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hiyudon

1966 Riviera oil pan removal

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hiyudon    10

Hello All,

Are there any tricks to removing the oil pan on a '66 Riviera (425 engine)? Just got this car running and want to change the gasket. Most cars I've had to raise the engine an inch or two.

Thank you in advance.

Don

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Seafoam65    185

How many miles does the car have on it? If the car has it's original timing chain and gears those need to be replaced

to get rid of the aluminum gear with plastic teeth and the loose chain it will have, requiring removal of the timing cover as well. If that

is the case, I'd yank the motor and do the whole job on an engine stand and take the opportunity to do a nice repaint on the engine.

Pulling engines on 60's cars is so easy you could have it out and on a stand in an hour and a half, and you can do a lot better job

of installing the gaskets with the engine upside down on a stand because you won't have to deal with oil running down on the pan rails faster than you can wipe it off.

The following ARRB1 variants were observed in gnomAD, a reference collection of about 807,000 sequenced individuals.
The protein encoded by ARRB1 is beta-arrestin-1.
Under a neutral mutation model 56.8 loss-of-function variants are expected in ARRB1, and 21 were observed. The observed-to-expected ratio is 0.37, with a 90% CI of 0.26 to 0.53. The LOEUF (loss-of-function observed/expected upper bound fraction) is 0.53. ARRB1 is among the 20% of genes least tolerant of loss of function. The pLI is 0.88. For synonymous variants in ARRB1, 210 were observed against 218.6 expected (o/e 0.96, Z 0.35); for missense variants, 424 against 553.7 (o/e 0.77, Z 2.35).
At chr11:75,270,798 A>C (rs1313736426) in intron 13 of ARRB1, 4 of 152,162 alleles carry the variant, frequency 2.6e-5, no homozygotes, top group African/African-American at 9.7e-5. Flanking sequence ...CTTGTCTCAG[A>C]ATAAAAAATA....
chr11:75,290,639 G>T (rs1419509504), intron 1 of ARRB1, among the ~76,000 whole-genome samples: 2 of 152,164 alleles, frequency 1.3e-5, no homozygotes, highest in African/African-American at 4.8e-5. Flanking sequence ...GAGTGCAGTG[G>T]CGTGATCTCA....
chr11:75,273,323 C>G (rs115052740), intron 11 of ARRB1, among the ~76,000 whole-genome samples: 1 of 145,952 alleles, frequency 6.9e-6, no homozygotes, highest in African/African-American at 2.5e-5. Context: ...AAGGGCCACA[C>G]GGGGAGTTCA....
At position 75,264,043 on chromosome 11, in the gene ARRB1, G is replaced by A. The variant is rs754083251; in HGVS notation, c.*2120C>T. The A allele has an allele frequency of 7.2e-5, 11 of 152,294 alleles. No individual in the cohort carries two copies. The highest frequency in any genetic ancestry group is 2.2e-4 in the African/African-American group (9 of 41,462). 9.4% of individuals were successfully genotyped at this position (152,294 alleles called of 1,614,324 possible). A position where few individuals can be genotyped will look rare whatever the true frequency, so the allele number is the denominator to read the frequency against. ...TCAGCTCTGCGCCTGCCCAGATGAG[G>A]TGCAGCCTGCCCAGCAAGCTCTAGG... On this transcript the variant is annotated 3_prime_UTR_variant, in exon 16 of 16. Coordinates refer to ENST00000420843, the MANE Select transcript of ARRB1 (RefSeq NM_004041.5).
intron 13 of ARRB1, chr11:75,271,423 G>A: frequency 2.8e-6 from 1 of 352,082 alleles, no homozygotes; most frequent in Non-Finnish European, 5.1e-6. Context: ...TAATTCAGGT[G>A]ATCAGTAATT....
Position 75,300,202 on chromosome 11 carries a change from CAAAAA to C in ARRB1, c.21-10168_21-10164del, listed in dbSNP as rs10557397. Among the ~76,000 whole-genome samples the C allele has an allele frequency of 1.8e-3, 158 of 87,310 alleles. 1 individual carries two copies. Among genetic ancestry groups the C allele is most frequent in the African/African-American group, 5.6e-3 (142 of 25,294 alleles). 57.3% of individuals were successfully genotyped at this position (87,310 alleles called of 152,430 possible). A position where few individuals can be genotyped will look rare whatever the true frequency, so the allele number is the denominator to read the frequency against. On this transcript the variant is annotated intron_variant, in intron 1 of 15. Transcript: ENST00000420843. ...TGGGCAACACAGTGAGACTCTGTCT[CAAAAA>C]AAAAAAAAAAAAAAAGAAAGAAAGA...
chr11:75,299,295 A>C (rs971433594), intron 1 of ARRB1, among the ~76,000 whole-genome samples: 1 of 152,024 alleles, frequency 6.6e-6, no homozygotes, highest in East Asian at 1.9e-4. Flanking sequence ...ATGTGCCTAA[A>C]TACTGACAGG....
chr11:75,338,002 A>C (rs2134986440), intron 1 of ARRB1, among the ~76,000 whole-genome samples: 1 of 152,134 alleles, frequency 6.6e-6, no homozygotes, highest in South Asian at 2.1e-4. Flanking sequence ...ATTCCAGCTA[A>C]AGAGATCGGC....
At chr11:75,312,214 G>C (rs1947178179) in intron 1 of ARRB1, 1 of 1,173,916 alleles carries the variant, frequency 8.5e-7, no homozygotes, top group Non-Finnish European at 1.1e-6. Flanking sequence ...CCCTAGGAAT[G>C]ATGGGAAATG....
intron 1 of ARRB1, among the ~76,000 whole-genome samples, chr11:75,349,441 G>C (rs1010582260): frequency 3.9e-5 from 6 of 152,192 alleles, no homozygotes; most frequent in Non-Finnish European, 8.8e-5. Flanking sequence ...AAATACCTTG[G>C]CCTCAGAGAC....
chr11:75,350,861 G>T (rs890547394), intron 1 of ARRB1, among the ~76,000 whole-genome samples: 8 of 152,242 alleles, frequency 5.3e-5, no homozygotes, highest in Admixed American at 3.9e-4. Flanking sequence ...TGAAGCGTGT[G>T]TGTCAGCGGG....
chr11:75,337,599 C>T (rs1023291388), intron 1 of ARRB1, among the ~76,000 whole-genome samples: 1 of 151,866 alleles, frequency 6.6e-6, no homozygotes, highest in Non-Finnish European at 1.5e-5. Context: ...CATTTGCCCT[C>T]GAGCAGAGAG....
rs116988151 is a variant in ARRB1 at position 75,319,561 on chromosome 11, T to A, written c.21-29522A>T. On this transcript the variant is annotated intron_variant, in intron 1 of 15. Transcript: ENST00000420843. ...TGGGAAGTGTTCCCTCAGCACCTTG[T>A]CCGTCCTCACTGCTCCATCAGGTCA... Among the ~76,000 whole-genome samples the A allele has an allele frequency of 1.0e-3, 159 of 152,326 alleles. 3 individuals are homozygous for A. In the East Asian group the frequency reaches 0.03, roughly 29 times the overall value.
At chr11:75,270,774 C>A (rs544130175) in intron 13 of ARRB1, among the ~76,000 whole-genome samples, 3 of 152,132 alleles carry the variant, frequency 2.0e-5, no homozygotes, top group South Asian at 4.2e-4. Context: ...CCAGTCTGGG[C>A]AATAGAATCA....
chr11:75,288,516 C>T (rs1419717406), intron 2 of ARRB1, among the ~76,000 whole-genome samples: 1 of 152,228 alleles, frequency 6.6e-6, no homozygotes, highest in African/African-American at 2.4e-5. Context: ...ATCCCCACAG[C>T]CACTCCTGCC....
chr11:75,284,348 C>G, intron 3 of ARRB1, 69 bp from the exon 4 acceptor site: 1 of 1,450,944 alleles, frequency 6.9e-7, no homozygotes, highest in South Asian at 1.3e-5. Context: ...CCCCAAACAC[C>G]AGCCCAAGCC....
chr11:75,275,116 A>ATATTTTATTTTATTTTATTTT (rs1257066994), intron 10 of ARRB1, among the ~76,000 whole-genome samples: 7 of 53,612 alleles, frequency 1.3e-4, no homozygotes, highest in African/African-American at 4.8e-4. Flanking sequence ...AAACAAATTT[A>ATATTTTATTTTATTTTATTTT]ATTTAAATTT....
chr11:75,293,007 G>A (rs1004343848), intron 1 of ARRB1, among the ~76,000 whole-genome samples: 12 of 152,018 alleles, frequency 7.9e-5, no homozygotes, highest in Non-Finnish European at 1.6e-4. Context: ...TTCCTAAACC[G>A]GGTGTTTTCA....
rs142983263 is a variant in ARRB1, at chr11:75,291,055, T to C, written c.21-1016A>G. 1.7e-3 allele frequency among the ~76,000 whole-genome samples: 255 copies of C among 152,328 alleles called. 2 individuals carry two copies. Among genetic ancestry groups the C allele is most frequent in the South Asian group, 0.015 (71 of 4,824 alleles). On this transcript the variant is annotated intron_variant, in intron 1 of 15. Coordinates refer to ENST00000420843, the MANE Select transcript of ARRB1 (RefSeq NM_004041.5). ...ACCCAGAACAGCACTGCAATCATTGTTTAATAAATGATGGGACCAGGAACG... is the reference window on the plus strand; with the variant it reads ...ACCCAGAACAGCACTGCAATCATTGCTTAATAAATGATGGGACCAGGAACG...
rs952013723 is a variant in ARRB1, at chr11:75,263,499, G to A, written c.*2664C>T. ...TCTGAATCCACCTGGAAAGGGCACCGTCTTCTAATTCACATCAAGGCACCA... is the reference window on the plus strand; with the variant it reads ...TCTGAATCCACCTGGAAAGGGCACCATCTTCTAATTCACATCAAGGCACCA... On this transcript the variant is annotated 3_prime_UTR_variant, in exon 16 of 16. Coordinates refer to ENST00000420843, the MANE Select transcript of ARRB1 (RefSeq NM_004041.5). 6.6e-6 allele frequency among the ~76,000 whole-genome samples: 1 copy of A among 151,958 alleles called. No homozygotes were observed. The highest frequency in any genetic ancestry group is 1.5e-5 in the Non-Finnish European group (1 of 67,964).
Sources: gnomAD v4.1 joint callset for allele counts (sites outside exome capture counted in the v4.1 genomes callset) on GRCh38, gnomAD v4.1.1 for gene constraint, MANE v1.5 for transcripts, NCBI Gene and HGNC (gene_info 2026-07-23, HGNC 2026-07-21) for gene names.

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60FlatTop    2,002

The frame is the same X-type as my '64. I have dropped my pan. I would take the engine out if I had to do it again and work needed to be done inside.

You have to raise the engine 4-6" so the mounts and exhaust need to be loose. Watch out for bending the transmission cooling lines and the fan shroud.

You will need 1/4" drive sockets to get the four pan bolts over the crossmember.

The steering linkage needs to be dropped and I remember removing the starter.

Once the pan drops you may have to rotate the crank to snake it out of there.

The job is not a pia, its a PIA with caps.

Bernie

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RivNut    1,013
. . . you mean a royal P-I-T-A Bernie !!

Randy,

Don't you mean R-O-Y-A-L

Don,

Think of pulling the engine as a good excuse to detail the firewall and inner fenders and repaint the engine while it's suspended from an hoist.

Ed

Is there a misplaced modifier in Randy's original quote? "... P-I-T-A Bernie." Surely we're not into name calling here. LOL :rolleyes:

Edited by RivNut (see edit history)

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hiyudon    10

The car only has 96000 miles on it. It was my nephews and it's been sitting in dry storage for eight years. I got it fired up and it sounds great. There's a lot of oil gunk on the pan below typical of that era car. That's why I want to change all the do-able gaskets and see what happens. I agree with you.... if it had excessive miles, I'd just rebuild the engine,but I think the mileage is not that bad.